Here’s how our family manages hospitalizations: I live with Carson through the week in his hospital room while Jeff works full time, getting the other two kids where they need to go and taking care of things at home. On the weekends, we see each other for an hour when he comes to stay for two nights so that I can drag myself the hour-long trip home to see my kids and get some desperately needed sleep. Then on Sundays I drive back to the hospital and we say hello to each other and he comes home for the week while I stay. (If you are unfamiliar with our son’s battle, you can read about it here.)
We have done this through 18 hospitalizations, and some of our hospital stays have been months long. All totaled up, I think we’ve lived here for over a year. It’s not just us. The hospital is full of parents doing this every week — exhausted dads and moms trying to hold everything together.
A couple of weeks ago, during one of our switch-offs, we decided to walk across the street to get some quick dinner while Carson was sleeping. From our booth at the sandwich shop across the street, we could look up and see Carson’s hospital room on the 5th floor. We knew it was his room because of the way we had left the blinds configured.
We sat down and Jeff said, “How about you pray over our food.” (I am not usually good at remembering to pray over food, but Jeff is consistently good at it.)
Jeff: (pause) Well then ok, let’s just have a moment of silence.
Neither of us could do it. Maybe that sounds silly, but we just didn’t have the capacity at that moment to simply pray out loud over our turkey sandwiches.
Understand that we had each been praying independently throughout the day unceasingly by ourselves with God. But at this moment, we didn’t have anything else to offer. Sure, we could have prayed out of rote memory some kind of disconnected prayer, made an effort to meet some kind of made-up requirement like we might have years ago, but that’s not how we roll now.
Now we have a greater depth of understanding His strength in our weakness. (2 Corinthians 12:9)
This happens other times when we both feel that we are at the breaking point. One of us will look at the other and will say, “You okay?” I might answer, “Uh, I think so. You?”
What we are really saying to each other is NOTHING ABOUT OUR DAILY LIVES IS OKAY AND HASN’T BEEN FOR YEARS AND I CAN’T STAND THIS ONE MORE DAY FOR OUR FAMILY BUT IT DOESN’T HELP TO THROW A SOBBING FIT EVERY HOUR AND THIS DOESN’T MAKE SPIRITUAL SENSE BECAUSE WE LOVE JESUS AND THIS IS NOT LIFE ABUNDANT BUT I AM SHAKINGLY HOLDING MYSELF TOGETHER TODAY AT THIS MOMENT. YOU?
Here’s my personal confession. God speaks to me about a lot of things, but usually not about Carson. This life-altering, major, extremely painful part of my life… and He is largely silent. Yet, He is speaking, and I know He’s here. I know His silence is building my faith. It’s for a reason I can’t see right now.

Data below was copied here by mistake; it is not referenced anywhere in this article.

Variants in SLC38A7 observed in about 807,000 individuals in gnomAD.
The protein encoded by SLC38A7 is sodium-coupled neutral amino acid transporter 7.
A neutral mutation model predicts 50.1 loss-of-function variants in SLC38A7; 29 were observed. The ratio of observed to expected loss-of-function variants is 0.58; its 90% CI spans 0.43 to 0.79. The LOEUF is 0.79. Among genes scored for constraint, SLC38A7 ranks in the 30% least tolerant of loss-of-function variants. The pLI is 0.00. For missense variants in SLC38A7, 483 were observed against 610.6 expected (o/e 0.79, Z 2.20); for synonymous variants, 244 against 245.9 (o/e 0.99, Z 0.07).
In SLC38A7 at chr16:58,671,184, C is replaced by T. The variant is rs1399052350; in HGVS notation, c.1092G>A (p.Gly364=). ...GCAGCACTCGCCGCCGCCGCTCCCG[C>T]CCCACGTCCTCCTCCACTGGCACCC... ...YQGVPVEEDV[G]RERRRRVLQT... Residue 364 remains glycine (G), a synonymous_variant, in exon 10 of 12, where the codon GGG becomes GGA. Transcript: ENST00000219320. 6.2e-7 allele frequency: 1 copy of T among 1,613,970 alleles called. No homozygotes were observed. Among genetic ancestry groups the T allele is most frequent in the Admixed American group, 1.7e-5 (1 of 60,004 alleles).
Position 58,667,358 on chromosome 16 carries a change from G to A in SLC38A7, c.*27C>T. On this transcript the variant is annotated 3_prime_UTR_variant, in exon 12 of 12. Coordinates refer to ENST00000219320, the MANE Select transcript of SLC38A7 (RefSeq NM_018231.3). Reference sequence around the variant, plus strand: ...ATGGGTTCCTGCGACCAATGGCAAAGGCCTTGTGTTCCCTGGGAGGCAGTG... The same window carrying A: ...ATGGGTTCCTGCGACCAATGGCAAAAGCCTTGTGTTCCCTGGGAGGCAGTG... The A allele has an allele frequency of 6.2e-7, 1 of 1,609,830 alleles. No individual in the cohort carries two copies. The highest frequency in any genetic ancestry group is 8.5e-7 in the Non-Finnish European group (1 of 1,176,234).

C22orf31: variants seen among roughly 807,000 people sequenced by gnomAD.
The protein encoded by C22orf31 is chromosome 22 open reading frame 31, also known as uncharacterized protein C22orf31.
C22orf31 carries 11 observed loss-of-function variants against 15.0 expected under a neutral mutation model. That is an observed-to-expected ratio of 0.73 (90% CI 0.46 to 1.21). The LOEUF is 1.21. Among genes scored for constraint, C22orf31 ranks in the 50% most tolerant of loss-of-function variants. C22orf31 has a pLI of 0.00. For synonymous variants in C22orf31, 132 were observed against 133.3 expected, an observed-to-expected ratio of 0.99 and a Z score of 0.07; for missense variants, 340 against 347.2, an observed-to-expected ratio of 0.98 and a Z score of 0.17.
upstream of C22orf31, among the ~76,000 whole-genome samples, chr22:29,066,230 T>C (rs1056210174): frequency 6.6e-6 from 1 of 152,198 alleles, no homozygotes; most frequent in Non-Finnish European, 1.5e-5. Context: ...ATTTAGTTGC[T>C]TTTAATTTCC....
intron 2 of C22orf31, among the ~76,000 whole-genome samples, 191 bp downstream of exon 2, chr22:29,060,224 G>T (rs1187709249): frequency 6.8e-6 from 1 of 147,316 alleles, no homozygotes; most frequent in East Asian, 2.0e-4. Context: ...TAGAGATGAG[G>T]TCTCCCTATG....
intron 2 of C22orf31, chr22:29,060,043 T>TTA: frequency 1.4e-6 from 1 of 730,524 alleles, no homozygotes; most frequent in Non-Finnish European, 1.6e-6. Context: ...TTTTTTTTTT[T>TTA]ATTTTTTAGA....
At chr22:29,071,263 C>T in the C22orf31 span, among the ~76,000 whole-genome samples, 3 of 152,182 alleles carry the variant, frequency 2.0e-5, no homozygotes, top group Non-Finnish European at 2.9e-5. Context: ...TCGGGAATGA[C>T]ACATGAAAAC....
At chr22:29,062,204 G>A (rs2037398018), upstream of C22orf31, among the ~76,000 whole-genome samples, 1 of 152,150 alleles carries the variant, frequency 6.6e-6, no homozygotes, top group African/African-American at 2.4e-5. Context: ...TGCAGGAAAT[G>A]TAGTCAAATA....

I’ve been writing these blog posts for a month now, but I don’t always FEEL them when I hit the “Publish” button through gritted teeth.
So I told him that last week, “Lord, I know you want me to put this out there, but I am not feeling it.”
He said, “That’s the point. You are teaching others how to fight in weakness, to trust Me instead of the lies that assault the mind.”
We sometimes think the strongest people in faith are the ones with the bold voices, the ones that seem unfazed no matter what comes against them. The ones who don’t cry easily or show any faltering. And I am not saying they don’t have faith — we certainly all have different personalities and expressions in our relationships with God.
But I propose that sometimes strong faith actually looks like desperate weakness from the outside. When you have no more tears left to cry or words to pray, and all you can do is cry out on the floor and whisper….Jesus. And you feel inadequate, but you are still crying out. Still coming to Him. Faith is not built in the light, but in these dark hidden moments. It’s when you make the radical choice to come to Him again, even if nothing has changed from the previous hundreds of times you came to Him.
And the Holy Spirit helps us in our weakness. For example, we don’t know what God wants us to pray for. But the Holy Spirit prays for us with groanings that cannot be expressed in words. (Romans 8:26)
God understands not having words, He doesn’t need words. He evaluates differently than we do. He sees our hearts and the massive fortitude it takes sometimes for us to simply keep coming to Him… in our weakness.
That is real faith, indeed.
He knows how weak we are; He remembers we are only dust. (Psalms 103:14)